Horace Andy / Mad Professor

From the Roots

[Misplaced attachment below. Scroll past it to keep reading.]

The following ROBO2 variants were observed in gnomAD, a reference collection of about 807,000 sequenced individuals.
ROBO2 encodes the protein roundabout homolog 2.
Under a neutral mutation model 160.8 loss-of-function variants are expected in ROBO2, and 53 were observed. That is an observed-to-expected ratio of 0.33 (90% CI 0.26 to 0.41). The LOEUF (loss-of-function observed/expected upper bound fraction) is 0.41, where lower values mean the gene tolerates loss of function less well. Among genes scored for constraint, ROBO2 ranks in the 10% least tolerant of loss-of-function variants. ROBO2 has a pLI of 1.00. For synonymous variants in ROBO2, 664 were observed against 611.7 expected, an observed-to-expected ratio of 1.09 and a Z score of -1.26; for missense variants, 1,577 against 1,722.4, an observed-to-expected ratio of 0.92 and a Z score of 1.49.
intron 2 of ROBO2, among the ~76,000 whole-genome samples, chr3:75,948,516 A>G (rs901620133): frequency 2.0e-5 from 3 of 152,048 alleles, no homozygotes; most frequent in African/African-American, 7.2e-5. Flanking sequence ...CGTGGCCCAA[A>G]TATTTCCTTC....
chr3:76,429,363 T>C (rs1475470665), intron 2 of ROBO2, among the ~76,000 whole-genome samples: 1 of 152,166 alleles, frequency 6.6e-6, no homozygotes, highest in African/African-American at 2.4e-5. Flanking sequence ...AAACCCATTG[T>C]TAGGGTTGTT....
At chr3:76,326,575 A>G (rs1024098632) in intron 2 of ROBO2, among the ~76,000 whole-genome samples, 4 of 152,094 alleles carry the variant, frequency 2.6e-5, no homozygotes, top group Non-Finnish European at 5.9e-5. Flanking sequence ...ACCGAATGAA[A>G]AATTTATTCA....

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For more than 20 years now, the British reggae producer known as Mad Professor (aka Neal Fraser) has been plying his patented electronic-roots sound in the service of some of the most enjoyable (and, it must be said, at times some of the most tedious) modern dub, as well as to light new fire under veteran vocalists who were maybe starting to coast just a bit. That's not the problem in this case -- Horace Andy, who was something of a star in Jamaica back in the 1970s and has since enjoyed steady work in both the U.S. and the U.K, achieving significant crossover recognition for his work with trip-hop pioneers Massive Attack, has really never let up the pressure. His reedy falsetto is nicely balanced on this album by Mad Professor's rhythms, which alternate between militant rockers settings ("Bingy Man," "Zion the Holy Land") and gentle stagger-step dancehall beats ("Gimme What Me Want!!"), over which Andy sings dark anti-Babylonian imprecations ("Vanity Vanity") and one-drop romantic pleas ("For Me"). There is also, unfortunately, a lame cover of the old Sandie Shaw hit "Girl Don't Come," but that misstep just serves to point up the quality of almost every other track. Recommended.

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